Evening out with JY and SH


On the same day, but hours after I had brunch at the Chinese Swimming Club, I met my friends JY and SH for dinner at Central .

Central is located nearby Clarke Quay. It seamlessly integrates office and habitation all at one single site. For more information about Central, you may visit this link.

Central. I took this photo from Coleman Bridge

Facing Clarke Quay and Fort Canning Hill.

I am not sure if it was because of the fact that many of the retail shops and dining outlets weren't in operation when I was there, I simply felt that I could not connect with Central. But to be fair, I shall give it a bit more time.

Those parts of the retail mall of Central that were already in operation actually looked pretty chic and stylish. I heard that shoppers can find funky Japanese-inspired street wear at Central but I am not interested at such street wear at all. On the other hand, SH seemed to like the mall quite a bit.

We had dinner at Grains. This restaurant's mission statement goes as such: Grains is committed to serving healthier Chinese cuisine without compromising on taste, flavour or texture that are quintessentially Chinese...

At our table, at Grains.

The brown rice served there was pretty good. It is rather difficult to find restaurants in Singapore serving brown rice, and I am glad that Grains is one of those few that I know which does so.

Brown rice with a nice fragrance.

When I took a look at Grains' menu, the healthy-eating freak in me felt almost instantly drawn to the food. There are items such as: Nutritional ABC Soup, Wheat Soya Bean Milk (Warm or Cold) that sounded tempting to me. I heard from one of the staff who served us told us that the soya bean milk is organic.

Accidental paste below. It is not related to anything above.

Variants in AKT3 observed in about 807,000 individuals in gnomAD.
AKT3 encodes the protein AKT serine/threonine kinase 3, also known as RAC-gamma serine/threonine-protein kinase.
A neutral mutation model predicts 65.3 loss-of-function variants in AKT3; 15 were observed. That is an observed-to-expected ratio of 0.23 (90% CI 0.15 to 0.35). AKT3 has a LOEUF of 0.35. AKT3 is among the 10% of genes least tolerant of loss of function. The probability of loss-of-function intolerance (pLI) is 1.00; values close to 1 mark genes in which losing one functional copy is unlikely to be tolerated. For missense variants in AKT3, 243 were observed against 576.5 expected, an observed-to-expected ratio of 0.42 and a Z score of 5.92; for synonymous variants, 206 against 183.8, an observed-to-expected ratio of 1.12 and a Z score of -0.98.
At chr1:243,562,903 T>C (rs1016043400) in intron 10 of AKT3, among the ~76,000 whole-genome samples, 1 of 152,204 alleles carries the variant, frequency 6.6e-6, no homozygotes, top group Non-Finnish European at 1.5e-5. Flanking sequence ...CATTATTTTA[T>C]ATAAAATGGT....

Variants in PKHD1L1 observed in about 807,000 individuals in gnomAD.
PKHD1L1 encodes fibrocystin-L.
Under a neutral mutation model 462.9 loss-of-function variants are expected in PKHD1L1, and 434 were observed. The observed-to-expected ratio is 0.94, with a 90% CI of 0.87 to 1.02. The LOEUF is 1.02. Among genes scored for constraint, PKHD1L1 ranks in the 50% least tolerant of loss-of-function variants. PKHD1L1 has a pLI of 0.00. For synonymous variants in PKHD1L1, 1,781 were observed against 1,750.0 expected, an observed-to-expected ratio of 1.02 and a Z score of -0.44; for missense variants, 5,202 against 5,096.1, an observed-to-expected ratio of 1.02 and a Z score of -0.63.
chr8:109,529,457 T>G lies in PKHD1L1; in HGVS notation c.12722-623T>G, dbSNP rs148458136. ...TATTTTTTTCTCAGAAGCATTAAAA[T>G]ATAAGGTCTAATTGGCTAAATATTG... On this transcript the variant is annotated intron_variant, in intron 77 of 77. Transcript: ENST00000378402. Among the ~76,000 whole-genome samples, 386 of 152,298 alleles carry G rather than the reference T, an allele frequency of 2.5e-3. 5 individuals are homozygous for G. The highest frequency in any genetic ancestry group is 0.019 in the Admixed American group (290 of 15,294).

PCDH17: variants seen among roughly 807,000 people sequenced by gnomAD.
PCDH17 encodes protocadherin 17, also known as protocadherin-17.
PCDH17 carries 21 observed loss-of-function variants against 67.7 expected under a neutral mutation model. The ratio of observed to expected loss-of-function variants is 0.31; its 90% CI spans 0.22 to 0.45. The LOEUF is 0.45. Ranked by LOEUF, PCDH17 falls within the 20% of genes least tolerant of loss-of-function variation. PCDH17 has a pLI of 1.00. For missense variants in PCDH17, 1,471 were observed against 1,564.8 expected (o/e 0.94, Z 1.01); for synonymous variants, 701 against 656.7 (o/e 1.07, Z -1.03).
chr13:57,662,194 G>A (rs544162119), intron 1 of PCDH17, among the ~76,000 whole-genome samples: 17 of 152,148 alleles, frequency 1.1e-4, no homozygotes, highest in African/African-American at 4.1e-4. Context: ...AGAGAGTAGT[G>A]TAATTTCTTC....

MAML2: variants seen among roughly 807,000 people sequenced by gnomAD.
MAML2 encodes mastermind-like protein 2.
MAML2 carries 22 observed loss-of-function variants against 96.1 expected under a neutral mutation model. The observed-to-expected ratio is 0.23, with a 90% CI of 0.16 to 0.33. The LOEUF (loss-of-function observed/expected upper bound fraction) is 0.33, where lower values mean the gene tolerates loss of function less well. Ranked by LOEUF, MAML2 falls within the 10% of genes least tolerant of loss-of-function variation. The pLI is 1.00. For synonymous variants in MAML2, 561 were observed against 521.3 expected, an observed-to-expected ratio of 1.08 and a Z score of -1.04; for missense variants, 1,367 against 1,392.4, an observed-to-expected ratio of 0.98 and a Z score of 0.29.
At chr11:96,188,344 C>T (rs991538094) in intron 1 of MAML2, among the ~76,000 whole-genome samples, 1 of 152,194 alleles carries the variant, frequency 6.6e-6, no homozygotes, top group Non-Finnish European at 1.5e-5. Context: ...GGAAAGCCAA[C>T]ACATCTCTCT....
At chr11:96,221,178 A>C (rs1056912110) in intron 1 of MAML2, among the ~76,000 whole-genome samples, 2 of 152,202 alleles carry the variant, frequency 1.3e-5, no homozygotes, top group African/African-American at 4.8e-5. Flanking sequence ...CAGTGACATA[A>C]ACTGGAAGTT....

Nutritional ABC Soup.
I think this soup is affordable and it has a pleasantly mild but sweet taste.

We also ordered the Braised Tofu with Fresh Mushroom & Vegetables.
I quite like its texture.

A list of our orders.

I also ordered the Sweet Yam Pudding with Gingko Nut. I find that the yam pudding has a nice texture and taste, but I was rather disappointed with the Gingko nuts. Those gingko nuts that I had had a bitter after-taste. I would think it might have been better to replace those gingko nuts with sweet pumpkin paste.

Both JY and SH felt that the Mango Roll with Sesame was too oily for their taste. So if Grains were to take our suggestions that we had written on its feedback card after our meal, we could consider trying this dish again another time.

Anyway, we found Grains to be a fairly affordable restaurant. Thumbs up to Grains for demonstrating to us that eating healthier choices can be affordable.

By the time that we had finished our dinner at Grains, the skies have turned dark. We went outdoors, just outside Central's premises to enjoy the night sceneries of Clarke Quay. Life seemed to have slowed down to my preferred pace for a brief moment. Having to be in the company of good friends made me feel good too.